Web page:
Malaysia-based company, Palmatech Product, has registered to the F3 Krill Replacement Challenge with a palm oil concentrate, Perfat Ruby 2500, from RSPO-certified companies.
Through a patented process called First Cut Technology, crude palm oil is fractionated into highly concentrated stearin and olein components. Through a repeated processing cycle, it undergoes multiple iterations of the refinement process, enhancing the potency of its beneficial compounds. This approach results in a product that is more concentrated amplifying the concentration of phytonutrients, including carotenoids and vitamin E.
The company has conducted trials with cultured species in Malaysia, such as red snapper and tiger shrimp. “These trials yielded positive outcomes in terms of enhancing coloration and meat quality. The application of Perfat Ruby 2500 had no adverse impact on fish growth or body composition. Aquafeeds for these trials were not fish-free diets,” explained Ivan Quah, technical sales executive, Palmatech Product.
“Furthermore, the texture of the fillets remained consistent. Our blind taste assessment indicated that the inclusion of Perfat Ruby 2500 in both shrimp and fish leads to an enhanced taste when compared to conventionally farmed counterparts. The blind tests have substantiated the improved flavor, and laboratory analyses have confirmed elevated levels of tocopherols and tocotrienols in the meat,” Quah explained
The ingredient may be vacuum coated into feed or extruded along with the raw ingredients of the intended feed. “However, the key to retaining the nutrients is to not utilize process equipment that functions at high temperatures where the phytonutrients start to denature,” Quah stated.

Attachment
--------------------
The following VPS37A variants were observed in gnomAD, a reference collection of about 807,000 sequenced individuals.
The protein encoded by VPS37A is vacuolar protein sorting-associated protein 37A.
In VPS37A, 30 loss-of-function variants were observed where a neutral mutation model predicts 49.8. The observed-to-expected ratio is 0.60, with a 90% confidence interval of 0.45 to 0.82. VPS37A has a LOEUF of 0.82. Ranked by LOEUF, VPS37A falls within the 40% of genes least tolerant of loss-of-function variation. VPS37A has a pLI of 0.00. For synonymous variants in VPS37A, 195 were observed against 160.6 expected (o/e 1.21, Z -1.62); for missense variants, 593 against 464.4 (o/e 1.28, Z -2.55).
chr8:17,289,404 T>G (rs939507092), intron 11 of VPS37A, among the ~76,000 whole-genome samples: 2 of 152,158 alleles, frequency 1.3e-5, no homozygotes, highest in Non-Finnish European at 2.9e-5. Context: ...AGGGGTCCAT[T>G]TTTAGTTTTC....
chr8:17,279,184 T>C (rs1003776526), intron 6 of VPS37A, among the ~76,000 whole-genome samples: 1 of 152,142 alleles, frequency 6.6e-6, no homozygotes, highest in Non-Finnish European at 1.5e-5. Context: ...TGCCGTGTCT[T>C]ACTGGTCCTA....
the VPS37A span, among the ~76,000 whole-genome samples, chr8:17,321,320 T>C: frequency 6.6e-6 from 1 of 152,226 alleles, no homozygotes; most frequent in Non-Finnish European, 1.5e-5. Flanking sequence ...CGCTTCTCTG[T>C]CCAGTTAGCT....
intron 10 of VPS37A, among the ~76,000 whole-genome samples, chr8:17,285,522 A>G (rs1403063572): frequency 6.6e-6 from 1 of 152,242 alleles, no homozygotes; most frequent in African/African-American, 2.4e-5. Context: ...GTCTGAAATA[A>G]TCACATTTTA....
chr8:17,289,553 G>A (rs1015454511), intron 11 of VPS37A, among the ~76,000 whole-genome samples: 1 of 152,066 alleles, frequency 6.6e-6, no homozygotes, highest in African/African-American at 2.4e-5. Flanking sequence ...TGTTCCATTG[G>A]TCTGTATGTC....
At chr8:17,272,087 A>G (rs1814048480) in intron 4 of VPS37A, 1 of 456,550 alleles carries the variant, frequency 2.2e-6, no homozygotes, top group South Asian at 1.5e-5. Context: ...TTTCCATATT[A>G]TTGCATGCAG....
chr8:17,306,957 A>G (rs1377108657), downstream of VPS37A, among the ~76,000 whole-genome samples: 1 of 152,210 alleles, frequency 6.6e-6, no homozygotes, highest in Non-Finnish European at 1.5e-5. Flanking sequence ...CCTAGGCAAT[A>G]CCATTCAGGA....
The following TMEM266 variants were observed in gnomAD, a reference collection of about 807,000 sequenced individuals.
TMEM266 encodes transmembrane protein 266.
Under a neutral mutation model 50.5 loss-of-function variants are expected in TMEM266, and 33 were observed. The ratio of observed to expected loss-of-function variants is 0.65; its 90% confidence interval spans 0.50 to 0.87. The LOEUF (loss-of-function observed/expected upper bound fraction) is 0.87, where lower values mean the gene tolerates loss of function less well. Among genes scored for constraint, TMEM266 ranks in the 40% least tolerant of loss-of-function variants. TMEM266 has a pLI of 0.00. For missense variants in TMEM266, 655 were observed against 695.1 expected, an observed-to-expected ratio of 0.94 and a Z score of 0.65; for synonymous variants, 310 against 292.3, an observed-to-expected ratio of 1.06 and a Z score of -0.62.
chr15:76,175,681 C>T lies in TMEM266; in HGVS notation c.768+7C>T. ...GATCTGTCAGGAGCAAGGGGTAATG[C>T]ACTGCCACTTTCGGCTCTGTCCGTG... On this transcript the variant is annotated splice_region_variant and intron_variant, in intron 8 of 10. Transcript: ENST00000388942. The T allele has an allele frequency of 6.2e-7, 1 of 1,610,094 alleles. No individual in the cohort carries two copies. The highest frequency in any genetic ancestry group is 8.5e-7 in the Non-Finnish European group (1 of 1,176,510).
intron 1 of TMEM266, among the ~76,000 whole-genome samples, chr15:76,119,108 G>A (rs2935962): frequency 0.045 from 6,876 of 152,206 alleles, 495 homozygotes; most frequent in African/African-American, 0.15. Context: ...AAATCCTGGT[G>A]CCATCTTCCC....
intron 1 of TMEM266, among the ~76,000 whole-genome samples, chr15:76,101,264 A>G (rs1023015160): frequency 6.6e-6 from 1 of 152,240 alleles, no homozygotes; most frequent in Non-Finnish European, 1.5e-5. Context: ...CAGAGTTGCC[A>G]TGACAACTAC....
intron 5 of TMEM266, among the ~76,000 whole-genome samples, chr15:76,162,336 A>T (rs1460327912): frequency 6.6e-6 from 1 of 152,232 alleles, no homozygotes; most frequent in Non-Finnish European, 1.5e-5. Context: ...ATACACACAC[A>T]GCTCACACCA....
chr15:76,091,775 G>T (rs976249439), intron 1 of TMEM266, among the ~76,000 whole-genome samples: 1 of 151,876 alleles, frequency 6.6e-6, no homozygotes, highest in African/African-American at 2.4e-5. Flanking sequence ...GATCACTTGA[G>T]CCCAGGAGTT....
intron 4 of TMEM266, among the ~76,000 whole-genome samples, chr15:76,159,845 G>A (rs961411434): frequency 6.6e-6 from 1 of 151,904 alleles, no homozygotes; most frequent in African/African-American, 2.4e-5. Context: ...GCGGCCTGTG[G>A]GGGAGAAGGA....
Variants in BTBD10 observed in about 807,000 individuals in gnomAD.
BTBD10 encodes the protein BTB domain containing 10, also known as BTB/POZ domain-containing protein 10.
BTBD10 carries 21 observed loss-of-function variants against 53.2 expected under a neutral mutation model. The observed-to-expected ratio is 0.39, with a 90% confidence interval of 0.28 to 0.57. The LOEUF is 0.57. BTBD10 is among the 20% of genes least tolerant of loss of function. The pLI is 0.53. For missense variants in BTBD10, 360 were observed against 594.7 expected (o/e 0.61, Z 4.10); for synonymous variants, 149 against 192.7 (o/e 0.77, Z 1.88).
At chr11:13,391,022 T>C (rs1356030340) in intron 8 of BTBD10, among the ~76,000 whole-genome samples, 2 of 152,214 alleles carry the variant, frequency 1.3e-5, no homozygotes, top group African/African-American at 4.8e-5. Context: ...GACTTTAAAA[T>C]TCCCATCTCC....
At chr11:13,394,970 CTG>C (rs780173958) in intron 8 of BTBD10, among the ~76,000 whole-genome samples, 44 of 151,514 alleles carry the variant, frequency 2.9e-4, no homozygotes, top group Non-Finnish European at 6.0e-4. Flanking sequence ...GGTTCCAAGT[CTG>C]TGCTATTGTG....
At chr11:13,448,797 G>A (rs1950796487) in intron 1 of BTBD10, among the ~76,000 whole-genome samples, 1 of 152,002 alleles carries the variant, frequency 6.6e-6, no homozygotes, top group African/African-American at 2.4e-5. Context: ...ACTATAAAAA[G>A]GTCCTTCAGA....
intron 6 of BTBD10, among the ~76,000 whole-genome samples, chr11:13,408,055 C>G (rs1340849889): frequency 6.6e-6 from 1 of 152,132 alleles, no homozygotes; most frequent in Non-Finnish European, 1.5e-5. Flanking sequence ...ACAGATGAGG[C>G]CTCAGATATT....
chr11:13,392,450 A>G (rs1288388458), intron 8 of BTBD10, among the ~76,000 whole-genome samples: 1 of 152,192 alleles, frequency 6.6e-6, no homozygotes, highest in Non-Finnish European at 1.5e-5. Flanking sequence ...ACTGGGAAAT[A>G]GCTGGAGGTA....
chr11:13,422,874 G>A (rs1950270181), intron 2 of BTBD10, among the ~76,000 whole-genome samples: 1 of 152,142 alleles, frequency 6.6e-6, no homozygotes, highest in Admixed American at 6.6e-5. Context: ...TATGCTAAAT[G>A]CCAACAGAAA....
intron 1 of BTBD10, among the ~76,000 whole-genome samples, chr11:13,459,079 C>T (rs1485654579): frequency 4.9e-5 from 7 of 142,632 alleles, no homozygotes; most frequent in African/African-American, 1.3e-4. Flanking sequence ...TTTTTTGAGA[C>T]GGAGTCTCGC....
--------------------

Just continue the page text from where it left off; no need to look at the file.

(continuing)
Although a direct cost comparison between Perfat Ruby 2500 and krill-based ingredients has not been conducted, Quah reported that farmers have observed improvements in their farming operations resulting in enhanced harvests and higher product quality. “Importantly, Perfat Ruby 2500 is primarily derived from palm oil, a widely produced and cost-efficient vegetable oil globally. The consistent availability of palm oil and its competitive pricing make it a cost-effective alternative to krill-based ingredients.”
“While krill-based aquafeeds provide nutritional benefits, their use raises significant environmental concerns. As we look to the future, it's imperative to seek alternatives for krill to ensure a sustainable and thriving aquaculture sector. The F3 Krill Replacement Challenge provides an opportunity to explore the efficacy of alternative ingredients,” Quah concluded.
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